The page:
Lawrence Public Library to eliminate overdue fines; accounts can still be blocked for overdue items

photo by: Nick Krug

In this file photo from July 12, 2017, Melissa Fisher Isaacs, information services coordinator at the Lawrence Public Library, works to ensure that books are properly located within the shelves at the library.

The Lawrence Public Library board voted to eliminate fines for overdue books and other media beginning next year, but not before hearing concerns from some residents.

As part of its meeting Tuesday, the library Board of Trustees voted unanimously to eliminate late fines from the library’s circulation policy. Library patrons would still be charged for lost or damaged items. Patrons would be blocked from checking out additional books and materials once an item became two weeks overdue, but return of the overdue item would immediately restore access.

Brad Allen, the library’s executive director, said he expects the fines will be eliminated beginning Jan. 1.

Lawrence resident Chris Burger, a former member of the library board, told board members he thought part of their role was to represent city taxpayers, whose property taxes support the library. The library has indicated it has room in its budget to cover the lost fine revenue, but Burger said that eliminating fines as a revenue source essentially shifts that financial responsibility to the taxpayer.

“As an entity, if you have more income than you think you need, the appropriate step in my book is you reduce your budget,” Burger said. “You don’t step away from a stream of income that exists.”

Burger, among other points, also said if the board is serious about eliminating overdue fines, it should pursue a change in city ordinance so the decision cannot be easily reversed in the future. Another Lawrence resident, Michael Austin, said he was concerned some library patrons would abuse the elimination of overdue fines, keeping books long periods of time and ultimately reducing access to those materials for everyone else.

Board member Brady Flannery said that the board has had a long discussion that took into account the points that Burger and Austin raised. He said that he was not going to fight to hold onto a practice that has not necessarily been proven effective and that he saw the shift as an opportunity.

“I do think it’s an opportunity to reach more customers, to reach them differently, to engage them more,” Flannery said.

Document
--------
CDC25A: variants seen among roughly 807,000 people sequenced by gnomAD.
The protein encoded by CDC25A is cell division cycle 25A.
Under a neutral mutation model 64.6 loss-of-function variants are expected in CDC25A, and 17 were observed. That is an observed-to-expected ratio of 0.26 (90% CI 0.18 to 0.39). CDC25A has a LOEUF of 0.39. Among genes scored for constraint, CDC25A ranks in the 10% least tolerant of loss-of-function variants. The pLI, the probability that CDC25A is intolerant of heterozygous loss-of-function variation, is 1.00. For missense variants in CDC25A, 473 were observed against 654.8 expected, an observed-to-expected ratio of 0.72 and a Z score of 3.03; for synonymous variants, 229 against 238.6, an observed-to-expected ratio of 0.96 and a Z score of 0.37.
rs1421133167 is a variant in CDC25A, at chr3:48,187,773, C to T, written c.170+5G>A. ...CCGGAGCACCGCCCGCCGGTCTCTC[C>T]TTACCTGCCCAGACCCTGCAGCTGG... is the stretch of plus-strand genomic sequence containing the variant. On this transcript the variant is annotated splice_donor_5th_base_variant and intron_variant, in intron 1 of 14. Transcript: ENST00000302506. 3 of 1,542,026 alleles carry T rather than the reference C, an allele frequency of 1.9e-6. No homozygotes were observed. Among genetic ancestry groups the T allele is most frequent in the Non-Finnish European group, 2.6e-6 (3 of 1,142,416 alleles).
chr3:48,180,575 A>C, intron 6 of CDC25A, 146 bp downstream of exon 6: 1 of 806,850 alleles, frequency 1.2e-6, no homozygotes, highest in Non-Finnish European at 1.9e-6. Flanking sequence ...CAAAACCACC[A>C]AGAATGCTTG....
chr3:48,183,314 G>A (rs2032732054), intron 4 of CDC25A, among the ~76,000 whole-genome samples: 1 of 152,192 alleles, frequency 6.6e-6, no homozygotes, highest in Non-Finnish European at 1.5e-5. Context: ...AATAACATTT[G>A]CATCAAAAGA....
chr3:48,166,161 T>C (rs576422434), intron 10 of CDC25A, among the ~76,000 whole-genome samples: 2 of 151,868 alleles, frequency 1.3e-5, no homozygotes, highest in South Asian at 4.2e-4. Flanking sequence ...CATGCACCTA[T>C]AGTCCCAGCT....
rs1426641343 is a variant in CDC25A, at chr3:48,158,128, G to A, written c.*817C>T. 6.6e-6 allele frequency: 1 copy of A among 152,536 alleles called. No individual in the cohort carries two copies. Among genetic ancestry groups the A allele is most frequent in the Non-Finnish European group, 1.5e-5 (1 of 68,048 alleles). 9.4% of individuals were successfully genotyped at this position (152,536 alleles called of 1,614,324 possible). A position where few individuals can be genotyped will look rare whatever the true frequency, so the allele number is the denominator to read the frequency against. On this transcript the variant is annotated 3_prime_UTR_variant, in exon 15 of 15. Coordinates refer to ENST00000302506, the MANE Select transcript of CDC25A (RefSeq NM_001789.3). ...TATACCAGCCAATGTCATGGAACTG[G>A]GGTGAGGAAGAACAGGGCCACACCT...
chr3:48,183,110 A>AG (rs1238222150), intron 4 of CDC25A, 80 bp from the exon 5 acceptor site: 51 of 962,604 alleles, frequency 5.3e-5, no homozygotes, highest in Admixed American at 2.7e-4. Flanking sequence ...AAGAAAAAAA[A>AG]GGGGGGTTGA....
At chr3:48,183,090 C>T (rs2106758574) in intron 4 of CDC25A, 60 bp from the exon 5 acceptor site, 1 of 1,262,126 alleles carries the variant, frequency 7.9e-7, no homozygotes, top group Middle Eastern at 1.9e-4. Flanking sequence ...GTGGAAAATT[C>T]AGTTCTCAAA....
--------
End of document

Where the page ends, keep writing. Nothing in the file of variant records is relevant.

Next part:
Library staff recommended that the board eliminate overdue fines, and board member Joan Golden said that the board should trust the professionalism of the staffers who work with library patrons and watch national trends. Golden also said some of the concerns about patrons bringing back items resonated with her, and that she thought that blocking accounts with items more than two weeks overdue addressed that concern without being financially punitive.

“That instills a responsibility — that they have to respect the rules and they have to make sure the book is there for the next child,” Golden said.

Board Chair Judy Keller suggested that library staff bring a report back to the board once a year of data is available, so that the board could evaluate the outcome of eliminating fines. Other board members agreed, and that request was incorporated into the board’s motion.

Allen noted that eliminating overdue fines was in line with the stance of the American Library Association that library policies should not disadvantage low-income people. The ALA officially came out against charging fines earlier this year, citing concerns that fines create barriers to library materials and services, according to the association’s resolution on library fines. Allen also said he thought eliminating fines was in line with the city’s interest in socially equitable policies.

Currently, people who fail to return library materials on time are charged 15 cents per day with a maximum overdue charge of $4.50 per item, according to the circulation policy. Library card accounts are currently blocked from access when the balance reaches $10. In addition to the elimination of overdue fines, all currently accumulated overdue fines — which total about $300,000 — will be waived from all accounts, meaning that many accounts will come back into good standing.

The library has already arranged its 2020 budget to accommodate the loss of revenue from fines, which is about $115,000 annually, according to the library’s budget. Though the library’s mill levy rate did not increase for 2020, increasing property valuations mean all taxing entities will receive more money next year than they did this year, and Allen previously told the Journal-World that the library has allocated some of those additional dollars to make up for the lost fine revenue.

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